Tuesday, 1 July 2014

The Fountain Inn Hotel

The Fountain Inn Hotel



The Fountain Inn, at Yilki (Encounter Bay area) was built in 1847, one of the first inns in South Australia and it still stands today. Now known as “Yelki By The Sea”, a Bed and Breakfast near Encounter Bay.



One of South Australia’s earliest hauntings (Alongside Graham's Castle in Prospect and Younghusband Mansion in Adelaide City), The Fountain Inn is thought to be one of South Australia's earliest built Hotels, being established in around 1847.
the original building was constructed of weather-board and a thatched roof, and was the only pub for miles around in the area, which led to it being very popular, as there really was no other place to drink and socialise with other settlers, sailors and locals.
Whalers in the southern ocean would drink inside it's walls, and many wild carousels and brawls would spring up out of liquor fuelled jealousy and anger. More than one man was dragged from the hotel over the early years, bleeding profusely from wounds sustained in the brawls.
It wasn't long until other hotels began to spring up in the region, newer buildings with more room and better facilities, and the Fountain Inn Hotel fell to the wayside and became a summer residence let to tenants.
However, no tenants would stay in the house long.
In the dead of the night, when all was quiet, except the sounds of the waves breaking upon the shore, the old Inn would stir, and creak, and something unexplained would come to the fore. Inexplicable noises, like human feet dragging heavily across soft sand towards the lonely Inn, yet when one would go to investigate, nothing would be there, except the grassy reeds swaying in the wind.
Rumours sprung up in nearby towns, about the weird goings on in the Inn. It was come to be local lore that a whaler, who had been beaten in a fight in the hotel, then dragged down to the beach where he died, was now coming back to the Inn on a nightly basis to seek his revenge
The haunting rumours spread like wildfire, and soon no-one in the region was brave enough to spend a night in the haunted Inn, except for a young farmer named Mr Smith, who was staying in the Inn with his wife, well aware of the evil reputation of the building.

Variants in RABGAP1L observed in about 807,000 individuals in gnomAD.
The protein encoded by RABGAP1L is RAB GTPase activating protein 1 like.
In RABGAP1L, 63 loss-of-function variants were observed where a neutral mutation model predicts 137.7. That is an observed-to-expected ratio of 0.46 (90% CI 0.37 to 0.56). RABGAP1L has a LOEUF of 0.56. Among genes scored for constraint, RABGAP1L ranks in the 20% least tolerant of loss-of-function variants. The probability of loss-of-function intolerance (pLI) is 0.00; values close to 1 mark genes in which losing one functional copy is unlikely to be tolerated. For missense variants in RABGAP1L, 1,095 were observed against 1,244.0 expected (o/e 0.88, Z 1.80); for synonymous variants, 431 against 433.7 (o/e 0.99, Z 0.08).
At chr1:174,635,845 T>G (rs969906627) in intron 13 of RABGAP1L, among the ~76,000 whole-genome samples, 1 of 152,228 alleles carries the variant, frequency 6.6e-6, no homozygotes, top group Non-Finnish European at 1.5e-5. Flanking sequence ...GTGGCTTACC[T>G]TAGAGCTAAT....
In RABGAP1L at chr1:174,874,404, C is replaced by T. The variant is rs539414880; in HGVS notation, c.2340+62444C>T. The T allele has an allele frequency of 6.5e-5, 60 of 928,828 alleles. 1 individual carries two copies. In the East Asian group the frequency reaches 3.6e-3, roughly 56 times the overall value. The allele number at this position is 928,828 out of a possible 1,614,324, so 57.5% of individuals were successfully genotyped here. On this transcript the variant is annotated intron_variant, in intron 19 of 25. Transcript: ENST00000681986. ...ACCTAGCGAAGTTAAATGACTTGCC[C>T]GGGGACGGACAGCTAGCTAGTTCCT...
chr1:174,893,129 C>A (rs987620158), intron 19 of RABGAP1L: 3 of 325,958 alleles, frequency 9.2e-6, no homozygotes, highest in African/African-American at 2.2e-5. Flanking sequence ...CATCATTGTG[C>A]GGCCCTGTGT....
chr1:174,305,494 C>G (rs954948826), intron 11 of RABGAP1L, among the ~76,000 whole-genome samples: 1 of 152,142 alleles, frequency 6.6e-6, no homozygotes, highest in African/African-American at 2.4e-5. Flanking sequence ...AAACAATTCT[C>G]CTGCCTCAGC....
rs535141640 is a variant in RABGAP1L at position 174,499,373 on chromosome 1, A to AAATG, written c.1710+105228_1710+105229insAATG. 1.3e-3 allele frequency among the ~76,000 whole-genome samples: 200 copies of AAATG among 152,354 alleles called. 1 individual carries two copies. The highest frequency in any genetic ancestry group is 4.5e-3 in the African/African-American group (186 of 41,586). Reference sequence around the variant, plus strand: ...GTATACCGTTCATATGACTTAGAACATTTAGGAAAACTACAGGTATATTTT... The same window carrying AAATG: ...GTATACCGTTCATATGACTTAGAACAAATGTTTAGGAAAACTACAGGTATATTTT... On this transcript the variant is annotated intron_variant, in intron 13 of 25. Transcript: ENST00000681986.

Mr Smith was called into town one night, and did not want to leave his wife home alone, but she insisted she would be fine and for her husband to go.
After her husband left, the young wife retired to her room to sew by the light of her flicker oil lamp. The lamp threw strange shadows upon the walls, and outside the wind moaned, She tried to put the thought of ghosts out of her mind, and waited for her husbands return. At about 2am, the wind had died down, and she listened as the waves broke upon the shore. Suddenly, from outside her window came the sound of a soft dragging rustle, as if a heavy body was being dragged through the sand. It grew louder, closer – soon She could take it no more, and with her lamp, she flung open the outside door and glanced around in the lamp and moon light only to find the beach deserted.
She could still hear the dragging noises, only a few meters from where she stood, but whatever was making them was not visible to the eye. In a state of panic, she returned to the Inn, double bolted the door, returned to her room and waited for her husband with the lamp on.

The Next Day Mr Smith returned, and he found his wife barricaded in the bedroom. After she told him of her frightening encounter with the spirit, they packed up and sought accommodation elsewhere, but not before telling the local newspapers what had happened!!!